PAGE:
Monday, 19 April 2021

Modern day Record Handling with C++

Record Handling analysis

Record Handling by C.A.R Hoare introduced the notion of objects as records.

Key features

  • Garbage collection through reference counting.
  • References for compositing functional relationships.
  • Dynamic allocation so objects can outlive their block.
  • Create and Destroy procedures for creating objects (anywhere in the program) and removing them.

C++

In modern C++ the record handling features above are possible.

Feature C++ Java
Garbage collection std::shared_ptr Built into the JVM.
References std::shared_ptr All objects are reference types.
Dynamic allocation
  • Per class custom allocator to prevent fragmentation
  • use of 'new' wrapped in a std::shared_ptr
All objects are dynamically allocated.
Create and destroy procedures 'new' and 'delete' 'new' provided but no explicit destroy procedure.

Example


Notes

C++ is prefereable to Java because not all objects require the record handling features. A large portion of programming does not deal with true "objects" in the sense that record handling denotes, therefore by using C++ and C we can efficiently control the machine and only optionally invoke the record handling features when required.

Friday, 16 April 2021

OOP without the heap

Safety critical software standards forbid dynamic memory however OOP is desirable when designing an embedded system. OOP can be used without dynamic memory by preallocating space for the objects at a suitable location and creating references to them. References are mandatory for OOP however the heap can be avoided.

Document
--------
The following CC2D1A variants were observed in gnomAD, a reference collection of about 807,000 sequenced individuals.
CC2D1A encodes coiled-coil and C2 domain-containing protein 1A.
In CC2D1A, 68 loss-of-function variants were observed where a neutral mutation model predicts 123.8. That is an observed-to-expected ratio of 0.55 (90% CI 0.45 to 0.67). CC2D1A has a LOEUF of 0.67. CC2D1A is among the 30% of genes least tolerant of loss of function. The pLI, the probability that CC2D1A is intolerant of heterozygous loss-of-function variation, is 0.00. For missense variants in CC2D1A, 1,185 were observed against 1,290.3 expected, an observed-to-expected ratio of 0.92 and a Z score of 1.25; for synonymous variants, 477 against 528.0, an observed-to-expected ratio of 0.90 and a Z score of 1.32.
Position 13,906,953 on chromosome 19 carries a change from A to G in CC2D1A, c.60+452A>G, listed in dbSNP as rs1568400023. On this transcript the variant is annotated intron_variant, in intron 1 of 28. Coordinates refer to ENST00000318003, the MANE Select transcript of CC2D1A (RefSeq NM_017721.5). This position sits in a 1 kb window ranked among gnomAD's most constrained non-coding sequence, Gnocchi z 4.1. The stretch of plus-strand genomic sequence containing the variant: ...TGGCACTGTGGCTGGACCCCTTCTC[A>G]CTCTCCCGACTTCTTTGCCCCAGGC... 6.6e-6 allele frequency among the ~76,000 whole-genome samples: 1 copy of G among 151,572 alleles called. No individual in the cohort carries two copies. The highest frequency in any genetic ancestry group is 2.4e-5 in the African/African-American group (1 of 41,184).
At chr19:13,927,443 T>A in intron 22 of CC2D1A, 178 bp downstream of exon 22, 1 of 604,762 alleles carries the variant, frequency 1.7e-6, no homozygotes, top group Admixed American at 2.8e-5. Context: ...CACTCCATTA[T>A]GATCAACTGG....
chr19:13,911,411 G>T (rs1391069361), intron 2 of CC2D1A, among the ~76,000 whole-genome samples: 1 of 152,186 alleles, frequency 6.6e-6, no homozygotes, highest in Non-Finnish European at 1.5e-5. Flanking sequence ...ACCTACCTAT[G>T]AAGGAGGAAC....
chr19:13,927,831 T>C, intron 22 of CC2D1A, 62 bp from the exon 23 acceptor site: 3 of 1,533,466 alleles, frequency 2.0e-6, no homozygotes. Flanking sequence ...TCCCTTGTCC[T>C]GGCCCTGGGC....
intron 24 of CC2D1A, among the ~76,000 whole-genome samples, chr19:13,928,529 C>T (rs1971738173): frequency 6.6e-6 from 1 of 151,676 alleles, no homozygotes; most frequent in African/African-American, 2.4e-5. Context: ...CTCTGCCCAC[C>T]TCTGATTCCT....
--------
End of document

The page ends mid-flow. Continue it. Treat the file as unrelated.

Saturday, 20 March 2021

The difference between class and object.

 The difference between class and object is subtle and misunderstood frequently. It is important to understand the difference in order to write cleaner class heirachies. 

First, the word "Object" is taken from Philosophy that is used to describe something that exists in the world around you at this very minute in time. For example; the computer in front of you, the keyboard you are using and yourself. 

Secondly, classes represent groups of these objects. A class called Keyboard represents all keyboard objects.

Class keyboard and its objects

 

Hopefully this has shown you the difference between an object and a class in terms of philosophy so that you know what should be a class and what shouldn't.

Saturday, 13 March 2021

Single inheritance in C

Inheritance is a powerful mechanism for code organization, unfortunatly the class concept is not present in the C language. Therefore, there is a need for the inheritance mechanism in C where C++ is not available. Inheritance is an extremely complex mechanism, we can only hope to capture a small slice of its features in C without breaking the C language too much. The solution is to make two structures compatible if a pointer to the derived type is upcasted to the base type, therefore we can use the derived type in the base type's procedures.

 

typedef struct { 

    float originX, originY;

} Shape;

void SetOrigin(Shape* shape, float x, float y); 

float GetOriginX(Shape* shape); 

float GetOriginY(Shape* shape);

 

typedef struct { 

    Shape base; // this allows Circle* to represent Shape*

    float radius;

} Circle; 

void SetRadius(Circle* circle);

Thursday, 3 December 2020

OOP - Recovering lost class types

 Normally casting is used to convert classes to other classes, however this operation can break the type system.

For example, a "List" may use the class "ListItem". And the "ListItem" is then inherited by the "Item" class. So we may store "Item" classes in the "List" class.

Using casting we could recover the "Item" class from the "ListItem" class like this:

 

ListItem* ptr = list.front();

Item* item = (ListItem*)ptr;

 

However here, we have over-ruled the type system to enforce the cast from ListItem to Item. We need a way to perform this operation without breaking the type system rules.